Association for Behavior Analysis International

The Association for Behavior Analysis International® (ABAI) is a nonprofit membership organization with the mission to contribute to the well-being of society by developing, enhancing, and supporting the growth and vitality of the science of behavior analysis through research, education, and practice.


34th Annual Convention; Chicago, IL; 2008

Event Details

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Symposium #544
From Lecture Hall to Cyber Space: Three Models for Evidence-Based Instructional Design in College Teaching
Tuesday, May 27, 2008
10:30 AM–11:50 AM
Williford C
Area: EDC/TBA; Domain: Applied Research
Chair: William D. Newsome (University of Nevada, Reno)
Discussant: Jennifer L. Austin (University of Houston, Clear Lake)
Abstract: In today’s technology-driven world, a university instructor is likely find to themselves teaching in any number of environments—spanning from traditional lecture halls to cyberspace and everywhere between. As a result, the modern classroom dynamic may range from face-to-face interaction with students in the classroom to interactions from across the planet. Regardless of classroom type and student location, the need for evidence-based pedagogical decision-making looms large. In this symposium, we will be show-casing three models for data-informed instructional design modifications including traditional lectures, web-based courses, and hybrid courses. Our goal is to share our methods for applying evidence-based practices to nearly any learning environment as well as how those applications may lend themselves as platforms for formal research endeavors.
Assessing the Effects of Peer Coaching in an Undergraduate Statistics Course.
EMILY MICHELLE LEEMING (University of Nevada, Reno), Joseph Charles Dagen (University of Nevada, Reno), Mark P. Alavosius (University of Nevada, Reno)
Abstract: It has long been stated that the profession of educating is an art and not a science. It is because of this concept that society has come to the conclusion that just as there are good and bad artists, there are inherently good and bad educators. It is also assumed that just as there are quality and poor instructors there are inherently excellent and poor pupils, with little or no room for improvement. In 2004, 67% of high school graduates directly entered either a two or four year institution, which was a massive jump from 49% of graduates in 1972. With more students entering the postsecondary education system the need for quality instruction is unavoidable and inadequacy can no longer be justified by student laziness or poor instruction ( An alternative line of educational research evaluating environmental influences on the learning behavior of students has shown marked improvement in both the areas of student performance and instructional techniques. The study presented here aims to further evaluate these areas of research promoting student success. This investigation specifically evaluates the potential effects of an exam retake option, contingent upon contacting unit material with a peer coach in a modified personalized system of...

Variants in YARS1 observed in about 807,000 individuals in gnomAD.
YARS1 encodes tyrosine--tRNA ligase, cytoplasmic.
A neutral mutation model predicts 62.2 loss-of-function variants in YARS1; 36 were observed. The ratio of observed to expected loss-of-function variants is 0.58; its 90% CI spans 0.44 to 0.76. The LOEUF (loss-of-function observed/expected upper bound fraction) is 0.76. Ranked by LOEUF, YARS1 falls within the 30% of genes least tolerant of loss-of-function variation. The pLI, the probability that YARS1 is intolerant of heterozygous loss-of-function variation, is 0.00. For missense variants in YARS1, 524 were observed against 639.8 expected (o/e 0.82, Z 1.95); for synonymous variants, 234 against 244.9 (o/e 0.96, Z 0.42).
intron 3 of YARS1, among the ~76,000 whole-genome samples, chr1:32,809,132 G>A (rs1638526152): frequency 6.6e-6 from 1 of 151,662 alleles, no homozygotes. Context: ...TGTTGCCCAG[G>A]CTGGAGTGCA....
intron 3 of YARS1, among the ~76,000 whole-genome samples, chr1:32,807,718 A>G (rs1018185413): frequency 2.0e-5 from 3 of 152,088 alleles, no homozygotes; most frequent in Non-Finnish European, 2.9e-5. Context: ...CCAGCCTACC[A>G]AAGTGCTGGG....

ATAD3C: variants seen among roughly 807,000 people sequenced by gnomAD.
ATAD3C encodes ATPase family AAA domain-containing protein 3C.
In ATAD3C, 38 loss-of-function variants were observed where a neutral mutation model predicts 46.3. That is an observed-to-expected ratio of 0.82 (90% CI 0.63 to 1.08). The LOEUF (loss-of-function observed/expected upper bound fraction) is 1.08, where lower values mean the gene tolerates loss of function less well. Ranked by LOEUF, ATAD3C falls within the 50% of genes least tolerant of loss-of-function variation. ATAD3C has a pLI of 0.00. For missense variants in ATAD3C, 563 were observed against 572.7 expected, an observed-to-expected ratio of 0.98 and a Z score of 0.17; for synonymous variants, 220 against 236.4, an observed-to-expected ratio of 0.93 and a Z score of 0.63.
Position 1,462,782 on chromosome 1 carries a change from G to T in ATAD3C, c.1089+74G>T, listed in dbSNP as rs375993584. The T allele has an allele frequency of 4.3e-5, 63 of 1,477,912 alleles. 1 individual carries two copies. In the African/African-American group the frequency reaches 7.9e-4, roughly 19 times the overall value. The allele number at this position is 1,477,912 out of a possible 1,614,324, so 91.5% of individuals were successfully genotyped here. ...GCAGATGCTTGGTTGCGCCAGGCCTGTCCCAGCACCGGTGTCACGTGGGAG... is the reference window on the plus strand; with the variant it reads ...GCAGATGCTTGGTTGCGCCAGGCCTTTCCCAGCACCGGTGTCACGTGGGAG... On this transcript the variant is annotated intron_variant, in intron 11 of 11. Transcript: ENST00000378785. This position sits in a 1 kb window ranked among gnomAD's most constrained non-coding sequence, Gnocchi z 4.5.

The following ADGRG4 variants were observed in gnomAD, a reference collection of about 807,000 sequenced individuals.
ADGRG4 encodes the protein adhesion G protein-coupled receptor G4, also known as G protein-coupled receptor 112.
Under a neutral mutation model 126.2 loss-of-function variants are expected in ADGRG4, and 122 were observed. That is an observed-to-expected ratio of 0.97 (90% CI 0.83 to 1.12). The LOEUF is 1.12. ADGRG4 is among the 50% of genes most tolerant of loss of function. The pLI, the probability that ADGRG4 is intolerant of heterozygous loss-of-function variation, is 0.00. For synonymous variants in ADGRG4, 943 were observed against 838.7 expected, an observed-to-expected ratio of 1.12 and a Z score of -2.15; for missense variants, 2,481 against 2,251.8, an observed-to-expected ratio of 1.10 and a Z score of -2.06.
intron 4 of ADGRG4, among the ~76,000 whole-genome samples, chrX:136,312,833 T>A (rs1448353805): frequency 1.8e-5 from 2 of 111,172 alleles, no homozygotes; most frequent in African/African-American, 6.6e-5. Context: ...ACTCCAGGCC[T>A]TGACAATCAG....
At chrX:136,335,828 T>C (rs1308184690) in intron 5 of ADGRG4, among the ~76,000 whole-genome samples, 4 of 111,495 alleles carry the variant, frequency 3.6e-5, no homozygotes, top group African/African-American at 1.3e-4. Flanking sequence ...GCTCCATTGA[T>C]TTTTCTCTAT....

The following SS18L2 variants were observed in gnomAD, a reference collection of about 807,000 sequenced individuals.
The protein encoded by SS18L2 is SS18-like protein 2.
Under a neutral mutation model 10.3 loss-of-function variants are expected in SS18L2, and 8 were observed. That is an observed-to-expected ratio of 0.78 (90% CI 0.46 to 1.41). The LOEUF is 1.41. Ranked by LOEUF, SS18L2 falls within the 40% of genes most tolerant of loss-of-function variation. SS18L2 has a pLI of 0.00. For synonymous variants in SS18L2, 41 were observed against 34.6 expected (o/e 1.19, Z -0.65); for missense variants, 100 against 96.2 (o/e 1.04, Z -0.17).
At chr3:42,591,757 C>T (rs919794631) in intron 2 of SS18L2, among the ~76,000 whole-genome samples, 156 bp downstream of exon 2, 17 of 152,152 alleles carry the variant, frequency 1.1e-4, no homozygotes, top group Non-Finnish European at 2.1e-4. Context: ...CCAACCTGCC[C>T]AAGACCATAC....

Using Cutting Edge Instructional Technology in On-line Behavior Analysis Courses.
JOSE A. MARTINEZ-DIAZ (Florida Institute of Technology and ABA Tech), Joshua K. Pritchard (University of Nevada, Reno), Melissa Nosik (TEAM Centers), Cindy Schmitt (Florida Institute of Technology)
Abstract: As the world moves towards globalization, and more and more people are discovering behavior analysis, it is inevitable that demand outstrips supply. In a field so new, there are people clamoring to learn, but with limitations on their ability to commute. We are currently in a technological era in which distance no longer matters. With high speed internet becoming available in millions of homes, bringing the classroom to the student is becoming more and more easily accomplished. We have created and are investigating the utilization of cutting edge developments in computer and online technology to supplement our distance learning courses in Behavior Analysis. In this investigation we look at utilizing a combination of recorded video lectures and weekly live video conferencing with co-instructors as well as an online community. Some common criticisms are noted and findings of our investigation in this method of teaching during this course sequence are contrasted with results from conventional classroom courses.
An Investigation of Efficiency and Preference for Supplemental Learning Modules in Online Instruction.
WILLIAM D. NEWSOME (University of Nevada, Reno), Mark P. Alavosius (University of Nevada, Reno)
Abstract: The rate of wide-spread adoption of web-based instruction technologies is increasing across many businesses and educational institutions. Though this progressive trend is promising for the future of education, there is a danger that the demand for web-based learning technologies may out-pace the rate at which educational researchers can evaluate these new technologies and methods. The current study will assess the effectiveness of, and preference for, two supplemental learning modules. The results of this study will inform educators as to whether these modules would serve as viable components of future online courses, and guide future research efforts toward more efficient and appetitive online learning environments.



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